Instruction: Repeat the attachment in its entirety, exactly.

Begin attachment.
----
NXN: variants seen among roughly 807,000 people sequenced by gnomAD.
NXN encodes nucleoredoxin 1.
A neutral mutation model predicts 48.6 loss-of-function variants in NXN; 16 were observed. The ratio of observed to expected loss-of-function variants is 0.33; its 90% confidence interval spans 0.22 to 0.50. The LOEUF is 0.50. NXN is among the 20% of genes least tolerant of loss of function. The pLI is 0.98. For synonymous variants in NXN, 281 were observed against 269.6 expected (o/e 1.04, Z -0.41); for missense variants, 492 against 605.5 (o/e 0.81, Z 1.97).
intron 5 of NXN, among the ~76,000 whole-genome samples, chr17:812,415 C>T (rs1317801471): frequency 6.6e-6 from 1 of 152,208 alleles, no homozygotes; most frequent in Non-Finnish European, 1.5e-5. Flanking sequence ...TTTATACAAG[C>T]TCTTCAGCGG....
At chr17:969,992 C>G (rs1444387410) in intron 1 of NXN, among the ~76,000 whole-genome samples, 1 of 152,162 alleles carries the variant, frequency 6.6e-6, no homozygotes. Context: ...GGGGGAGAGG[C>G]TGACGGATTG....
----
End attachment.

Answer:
NXN: variants seen among roughly 807,000 people sequenced by gnomAD.
NXN encodes nucleoredoxin 1.
A neutral mutation model predicts 48.6 loss-of-function variants in NXN; 16 were observed. The ratio of observed to expected loss-of-function variants is 0.33; its 90% confidence interval spans 0.22 to 0.50. The LOEUF is 0.50. NXN is among the 20% of genes least tolerant of loss of function. The pLI is 0.98. For synonymous variants in NXN, 281 were observed against 269.6 expected (o/e 1.04, Z -0.41); for missense variants, 492 against 605.5 (o/e 0.81, Z 1.97).
intron 5 of NXN, among the ~76,000 whole-genome samples, chr17:812,415 C>T (rs1317801471): frequency 6.6e-6 from 1 of 152,208 alleles, no homozygotes; most frequent in Non-Finnish European, 1.5e-5. Flanking sequence ...TTTATACAAG[C>T]TCTTCAGCGG....
At chr17:969,992 C>G (rs1444387410) in intron 1 of NXN, among the ~76,000 whole-genome samples, 1 of 152,162 alleles carries the variant, frequency 6.6e-6, no homozygotes. Context: ...GGGGGAGAGG[C>G]TGACGGATTG....